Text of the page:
Spielmann set a clever trap with <45. Ke2!?> (instead of the obvious <45. Ke3>, routinely defending the d-pawn).
Although there was little or no chance that Rubinstein would fall for the trap, if Black now goes for the pawn grab (<45. … Rxd4?>), White’s reply would be <46. Ke3!>, forcing the exchange of Rooks. In the resulting pawn ending, although White has one pawn less, his outside passer on the a-file means it is White that is playing for a win.
Spielmann apparently learned well the painful lesson from this game: Spielmann vs Duras, 1907, in which a similar trick forced a pawn ending that (in the earlier game) was losing for Spielmann.
|May-04-12|| ||Peligroso Patzer: <Jan-21-04 ughaibu: Move 34. "[W]hite to play and win".> |
<Jan-21-04 technical draw: If 34.Bxf7+ Bxf7, 35.Re5!>
<May-25-04 Hinchliffe: <ughaibu> Did you spot the missed win yourself? >
<May-26-04 ughaibu: Hinchliffe: The first time I saw this game was in Lasker's book of the tournament, he pointed out 34.Bf7 >
<May-26-04 drukenknight: are you sure there's a win there? *** >
Lasker’s comment in the tournament book reads as follows:
“With this move [<34. Qxd6>] White loses the fruit of the efforts he has made. The right move was <34. Bxf7><+>. If then <34. … Bxf7 35. Re5> makes the queen mobile and White mates or wins the rook. And if <34. … Kxf7 35. Rxc7<+> Ke6 36. d5<+> Qxd5 37. Qg4<+>> winning easily.”
<The International Chess Congress: St. Petersburg 1909>, by LASKER, Emanuel, Russell Enterprises, Inc. ©2008, at pp. 159-160.> [<Source note>: The title page and colophon of this edition omit to identify the translation; the Foreword (ibid., at p. 5) identifies it as one primarily done by Richard Teichmann originally published in New York in 1910, with the moves converted from descriptive to algebraic notation.]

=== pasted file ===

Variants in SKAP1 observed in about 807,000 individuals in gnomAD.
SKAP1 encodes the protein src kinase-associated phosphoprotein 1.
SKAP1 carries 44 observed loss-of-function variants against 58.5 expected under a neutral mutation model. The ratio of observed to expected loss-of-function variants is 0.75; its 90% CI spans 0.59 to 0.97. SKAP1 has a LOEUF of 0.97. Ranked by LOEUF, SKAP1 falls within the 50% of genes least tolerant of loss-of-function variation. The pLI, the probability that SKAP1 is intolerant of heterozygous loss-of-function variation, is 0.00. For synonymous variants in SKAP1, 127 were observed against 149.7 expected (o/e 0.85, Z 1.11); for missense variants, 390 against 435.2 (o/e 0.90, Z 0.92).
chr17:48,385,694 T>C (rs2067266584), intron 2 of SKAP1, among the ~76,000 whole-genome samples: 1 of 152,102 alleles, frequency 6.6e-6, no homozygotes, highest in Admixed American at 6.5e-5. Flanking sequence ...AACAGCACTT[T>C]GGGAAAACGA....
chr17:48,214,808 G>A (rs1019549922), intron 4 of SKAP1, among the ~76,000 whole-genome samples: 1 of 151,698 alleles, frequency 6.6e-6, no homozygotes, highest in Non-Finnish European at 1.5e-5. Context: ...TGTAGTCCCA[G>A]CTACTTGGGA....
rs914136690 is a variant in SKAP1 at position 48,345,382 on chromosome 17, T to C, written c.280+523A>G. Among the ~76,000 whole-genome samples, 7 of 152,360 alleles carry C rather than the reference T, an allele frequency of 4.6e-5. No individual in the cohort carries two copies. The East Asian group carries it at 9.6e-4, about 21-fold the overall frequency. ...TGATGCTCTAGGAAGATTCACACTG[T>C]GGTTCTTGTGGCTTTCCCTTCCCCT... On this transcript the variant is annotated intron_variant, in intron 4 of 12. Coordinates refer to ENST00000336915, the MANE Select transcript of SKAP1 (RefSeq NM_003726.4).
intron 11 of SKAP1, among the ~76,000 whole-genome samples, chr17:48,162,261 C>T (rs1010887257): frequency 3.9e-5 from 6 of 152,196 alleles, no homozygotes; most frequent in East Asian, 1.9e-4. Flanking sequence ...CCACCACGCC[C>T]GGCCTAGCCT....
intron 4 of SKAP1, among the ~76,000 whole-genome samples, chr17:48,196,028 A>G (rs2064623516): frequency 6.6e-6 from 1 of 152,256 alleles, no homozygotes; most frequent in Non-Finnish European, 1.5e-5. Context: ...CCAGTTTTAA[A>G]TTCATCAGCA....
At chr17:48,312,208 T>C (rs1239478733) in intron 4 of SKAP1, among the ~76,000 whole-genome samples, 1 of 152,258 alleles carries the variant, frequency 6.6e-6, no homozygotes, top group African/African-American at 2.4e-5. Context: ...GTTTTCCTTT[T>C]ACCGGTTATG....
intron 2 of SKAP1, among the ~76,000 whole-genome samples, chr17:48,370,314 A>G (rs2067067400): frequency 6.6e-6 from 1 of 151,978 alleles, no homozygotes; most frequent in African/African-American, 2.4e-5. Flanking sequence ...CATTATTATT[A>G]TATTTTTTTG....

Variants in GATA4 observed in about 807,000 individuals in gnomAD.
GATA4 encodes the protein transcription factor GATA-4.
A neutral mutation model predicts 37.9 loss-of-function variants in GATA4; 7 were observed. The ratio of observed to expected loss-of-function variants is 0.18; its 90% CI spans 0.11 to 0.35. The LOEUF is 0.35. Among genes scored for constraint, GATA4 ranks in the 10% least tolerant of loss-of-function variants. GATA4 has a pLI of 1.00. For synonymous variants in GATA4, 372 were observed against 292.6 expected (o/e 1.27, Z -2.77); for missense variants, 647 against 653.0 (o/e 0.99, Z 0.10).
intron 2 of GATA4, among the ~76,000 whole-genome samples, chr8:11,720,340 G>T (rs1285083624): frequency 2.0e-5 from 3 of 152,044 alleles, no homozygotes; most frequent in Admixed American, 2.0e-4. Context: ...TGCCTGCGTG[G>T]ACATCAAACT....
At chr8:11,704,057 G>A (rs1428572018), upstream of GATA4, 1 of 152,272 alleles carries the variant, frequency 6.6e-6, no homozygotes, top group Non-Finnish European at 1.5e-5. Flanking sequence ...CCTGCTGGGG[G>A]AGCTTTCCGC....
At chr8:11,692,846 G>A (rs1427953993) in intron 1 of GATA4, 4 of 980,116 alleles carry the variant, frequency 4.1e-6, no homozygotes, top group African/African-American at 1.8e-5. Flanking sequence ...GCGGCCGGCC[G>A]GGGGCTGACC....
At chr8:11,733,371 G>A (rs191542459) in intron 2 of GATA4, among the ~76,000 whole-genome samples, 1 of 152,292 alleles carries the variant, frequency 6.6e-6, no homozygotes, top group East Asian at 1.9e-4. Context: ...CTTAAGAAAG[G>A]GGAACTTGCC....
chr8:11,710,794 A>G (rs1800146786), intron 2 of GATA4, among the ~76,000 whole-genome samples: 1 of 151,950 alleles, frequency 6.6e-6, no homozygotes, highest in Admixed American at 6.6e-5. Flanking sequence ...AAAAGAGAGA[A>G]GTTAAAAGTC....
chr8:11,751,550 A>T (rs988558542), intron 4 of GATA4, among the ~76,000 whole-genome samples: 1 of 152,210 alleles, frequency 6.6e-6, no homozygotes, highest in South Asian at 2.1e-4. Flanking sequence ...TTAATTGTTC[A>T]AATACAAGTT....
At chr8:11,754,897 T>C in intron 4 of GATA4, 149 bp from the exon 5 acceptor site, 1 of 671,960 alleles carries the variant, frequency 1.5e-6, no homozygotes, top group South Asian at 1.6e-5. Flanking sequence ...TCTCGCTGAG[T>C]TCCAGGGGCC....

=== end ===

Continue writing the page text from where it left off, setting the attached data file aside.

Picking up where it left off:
To return to the World Champion’s analysis, it does not consider Black’s best defense (after <34. Bxf7><+>), which would have been <34. … Kh8> (as previously proposed by other kibitzers). White then would obtain a clear advantage and excellent winning chances with the simple <35. Bxg6>, creating an additional weakness in the already difficult Black position; but it seems to me it could not be conclusively stated that the position resulting from this continuation is outright winning for White.
|Aug-12-12|| ||Karpova: Another version of Dr. Emanuel Lasker's annotation on move 43: <The manner in which Rubinstein treats the following endgame is beyond all praise.>|
From the St. Petersburg 1909 tournament book, translated by Richard Teichmann.
|Aug-17-12|| ||Naniwazu: If instead of 43. Kg3 White plays 43. d5 as Lasker suggests Black can play 43...g5 as mentioned by Dvoretsky in his 'Endgame Manual', 44. Kg2 Kf6 45. Rf3+ Kg6 (Δ Rd4) 46. Rd3 f6 Δ ...Kf5.|
|Oct-10-12|| ||vinidivici: After the match the stunned-Spielmann shouted "Akiba, if u lived in the Middle Ages you would have been burned at the stake, what u do in rook endgames can only be called witchcraft!"|